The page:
Stunners, Disappointments, And Other Lessons We Learned at Governors Ball

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It felt like the 2014 iteration of Governors Ball was a high point that the festival would be hard-pressed to ever reach again. Coming off three years of building hype, last year’s version managed to survive a disastrous, rain-marred 2013 edition to put together an absolute stunner of a lineup no matter where your tastes lie. I mean, when acts like TV on the Radio, Chance the Rapper, Empire of the Sun, and Janelle Monae can only crack the middle of your poster, you’re doing something right.

And while the quality of a given lineup is obviously highly subjective, it seemed coming in like the 2015 edition’s slate was lesser almost entirely across the board. Going from Outkast in 2014 to Drake in 2015 was a jump commercially, but hip-hop, in general, was mostly ignored this year after an incredible offering last year. The only genre that could possibly boast improvement was EDM, which makes sense; it’s the world’s most powerful musical movement right now. So true enough, this year’s Governors Ball seemed in many ways a comedown from last year, but there was still plenty to enjoy. Below are some thoughts from three days on Randall’s Island.

Governors Ball is at a bit of a crossroads. Namely, it has to figure out exactly what kind of festival it wants to be. While exact attendance numbers are tough to pin down, the festival’s founders said this year would set a high mark, with a reported 150,000 attendees over the three days. And quite frankly, at this point the festival is beginning to outgrow its space on Randall’s Island. This year felt much more congested at points than in years past, and the infrastructure showed signs of cracking — an already difficult entry and exit process worsened with the bigger crowd; the field was a muddy, manure-stenched mess despite just a little rain (again, made worse by the masses); concessions were constantly overwhelmed; and some of the acts were far too outsized for the smaller stages they were playing for (more on this below). The festival comes from independent roots that it wants to maintain, and I admire that; some of the charm comes from being able to get from one end of the festival to the other in less than five minutes, with a predictability to how everything is laid out. But it’s also expanding its footprint while shooting for stars like Drake and Deadmau5, and that creates a dissonance. At some point, the festival might have to move again (it already moved once, from Governors Island to Randall’s Island in 2012), or go the Coachella route and spread out over two weekends, something the founders have said they’re not interested in doing right now.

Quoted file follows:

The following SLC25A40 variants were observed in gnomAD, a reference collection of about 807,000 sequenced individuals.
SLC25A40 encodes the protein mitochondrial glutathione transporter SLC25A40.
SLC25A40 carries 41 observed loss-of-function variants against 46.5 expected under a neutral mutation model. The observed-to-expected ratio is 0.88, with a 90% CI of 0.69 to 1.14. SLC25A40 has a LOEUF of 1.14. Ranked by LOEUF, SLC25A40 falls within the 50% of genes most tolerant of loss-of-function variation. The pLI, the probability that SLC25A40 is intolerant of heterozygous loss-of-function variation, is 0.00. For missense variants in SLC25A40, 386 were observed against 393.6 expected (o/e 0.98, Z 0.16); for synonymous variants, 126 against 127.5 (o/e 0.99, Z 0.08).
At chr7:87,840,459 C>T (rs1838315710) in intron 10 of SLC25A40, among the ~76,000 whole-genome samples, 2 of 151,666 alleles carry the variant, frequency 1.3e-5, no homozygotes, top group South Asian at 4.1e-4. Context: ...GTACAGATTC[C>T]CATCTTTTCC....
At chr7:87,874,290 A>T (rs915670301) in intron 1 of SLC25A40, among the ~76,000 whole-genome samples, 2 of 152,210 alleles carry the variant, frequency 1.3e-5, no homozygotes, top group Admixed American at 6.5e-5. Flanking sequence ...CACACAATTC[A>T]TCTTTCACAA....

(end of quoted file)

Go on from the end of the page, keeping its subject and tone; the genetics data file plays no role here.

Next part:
I agonized over this scheduling conflict for weeks, and in the end I was right, kind of. I was going to see Drake even though I knew My Morning Jacket would be the much better Friday headliner for two reasons: 1. I’d already seen My Morning Jacket five times at that point, and had never seen Drake; 2. I thought Drake would be eager to erase his lackluster Coachella performances with something special. My plan was to catch the first 15 minutes of MMJ before Drake’s set started, then migrate over for that. But the Kentucky rockers came out so hot, leading with “Believe (Nobody Knows)” off new album The Waterfall, followed by It Still Moves‘ “Mahgeetah,” that my journey to Drake was delayed a bit.

By the time I made it over, I stayed for four unimpressive songs before giving up and heading back for My Morning Jacket. From the looks of things, I wasn’t alone; Drake seemed to be bleeding people all throughout his set. It’s hard to hold a festival’s attention when you’re just one man up on a stage, no matter how many hits you have, and his set just sounded small compared to MMJ’s grandeur. I imagine Drake is better on his arena tours, where there’s more opportunity to put together a customized show, and to be fair I did only catch four songs; others who saw the full set had more positive reviews. But I wanted to stay for the whole set. I was looking for a reason — any reason — to stay, and I didn’t get one that satisfied me personally. My Morning Jacket, on the other hand? Simply excellent. Seeing them truncate their often unwieldy live sets into under two hours was odd, but they still proved why they might be the world’s best festival band at the moment. They certainly were my favorite performance of the weekend.

Friends don’t let friends wear unnecessarily bulky backpacks to shows. And if they do, they certainly don’t let friends squeeze into the middle of a tight crowd and dance around in a manner that swings said bulky backpack into everyone around.

Same with a bulky arrangement of balloons. Why was this necessary? Practicality > quirkiness, people.